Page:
Dysfunctional families are nothing new. The family in Mother, Mother by Koren Zailckas, however, is. Their oldest daughter Rose ran away a year ago, escaping their mother after having an abortion that the mom terrorized her over. And the younger daughter is in a mental institution after having stabbed her younger brother with a knife while high.
Or so we – and they – all think. The book is told from the alternating chapter perspective of Violet, a sixteen year old trying to find oblivion, and Will, her twelve year old brother recently diagnosed with both autism spectrum disorder and epilepsy. Josephine, their mother, is trying to hold the family together after admitting Violet to Fallkill, an inpatient mental hospital, to keep her from harming Will and Douglas, the father, is suspected of having an affair.
To the outside world, they have always been the perfect family, with Rose the talented actress who won all the leads in local plays and Will who is the gifted child. Violet skated by, and Josephine and Douglas appear to be your protypical happily married couple. Once Rose disappears, that veneer begins to crack, especially internally.
Josephine turns her love and attention to Will instead of Rose, but this isn’t the kind of love a mother would typically give her child. It’s understandable that she pulled her child out of school the previous year after he’d been bullied by his teacher and then students after Josephine went after the school district repeatedly before finally having Will diagnosed with epilepsy and ASD. She fears for his safety with the lack of carpeted surfaces if Will were to have an epileptic seizure, but only later does it come to light that it took going to three doctors before she was given either diagnosis.
Violet knows she was high on seeds when she came home the night Will was attacked. She remembers throwing her dish of mushroom risotto into the dishwasher uneaten after her mother readily admits that she used beef stock in the vegetarian dish and then raiding the fridge for any vegetable she could find to make her own dinner. She remembers picking up the knife to chop the veggies, but she doesn’t remember attacking her brother, though she knows she must have.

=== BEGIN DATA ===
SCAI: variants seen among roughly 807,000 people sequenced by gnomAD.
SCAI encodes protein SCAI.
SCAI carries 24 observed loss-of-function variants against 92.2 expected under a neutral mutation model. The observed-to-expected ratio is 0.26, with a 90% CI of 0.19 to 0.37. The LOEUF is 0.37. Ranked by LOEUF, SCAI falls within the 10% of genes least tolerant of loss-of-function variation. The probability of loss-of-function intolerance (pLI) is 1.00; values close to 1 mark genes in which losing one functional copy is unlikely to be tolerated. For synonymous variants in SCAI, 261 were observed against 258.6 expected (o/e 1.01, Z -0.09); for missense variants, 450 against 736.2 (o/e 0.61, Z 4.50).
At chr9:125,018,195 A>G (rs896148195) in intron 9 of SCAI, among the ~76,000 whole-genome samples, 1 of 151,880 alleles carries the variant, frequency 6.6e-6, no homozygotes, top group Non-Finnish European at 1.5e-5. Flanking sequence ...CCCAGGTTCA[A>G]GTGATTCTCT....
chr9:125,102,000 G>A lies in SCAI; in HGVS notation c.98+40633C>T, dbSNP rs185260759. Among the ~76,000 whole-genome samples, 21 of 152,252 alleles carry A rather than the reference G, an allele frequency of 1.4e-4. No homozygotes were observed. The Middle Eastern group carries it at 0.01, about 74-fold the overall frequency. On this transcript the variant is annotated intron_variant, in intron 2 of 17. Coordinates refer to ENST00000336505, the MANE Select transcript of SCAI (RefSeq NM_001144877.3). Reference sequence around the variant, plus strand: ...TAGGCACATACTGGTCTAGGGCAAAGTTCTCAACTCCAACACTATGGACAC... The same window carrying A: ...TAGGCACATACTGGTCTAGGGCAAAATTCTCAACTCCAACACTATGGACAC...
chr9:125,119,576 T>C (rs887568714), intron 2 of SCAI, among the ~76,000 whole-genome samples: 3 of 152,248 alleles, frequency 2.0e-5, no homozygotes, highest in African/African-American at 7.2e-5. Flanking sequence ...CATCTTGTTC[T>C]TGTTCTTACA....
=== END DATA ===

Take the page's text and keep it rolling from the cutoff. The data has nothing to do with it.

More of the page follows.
As the book continues, the “eccentricities” of Josephine become more and more apparent, and her manipulations and actions less and less understandable. It’s easy to see how seductive and easy it would be to fall prey to her machinations, as all three children – and Douglas – have. Rose apparently woke up and got out, and Violet begins to understand more of what’s happening while she’s at Fallkill, while Douglas also starts to have his eyes opened to what’s happening in his own house.
I will say that this is by far the most disturbing book I’ve read in a long time. It gave me the creeps, but yet it drew me in. I stayed up until 1:30am to read it. I felt dirty after reading it, horrified by how easily a hidden evil can fester within a family but fascinated by the characters and just waiting to see how it all plays out.
Mother, Mother is the first novel by Koren Zailckas, but she’s previously written two other memoirs about her history of drinking and anger – Smashed and Fury. Not only does she know her material from personal experience, but Zailckas draws an amazing portrait of a family. I was repelled by Josephine but drawn into the book so much more than I had expected. I am definitely looking forward to another novel from Zailckas and can’t wait to read it.
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Written by Michelle whose life was thankfully nothing like that of the family in “Mother, Mother.” Though she sometimes fears being the “mean mom” she knows she’d never go anywhere near the disease that was Josephine. See how she interacts with her wee ones on her blog Honest & Truly! or follow along with her on Twitter where she is also @HonestAndTruly.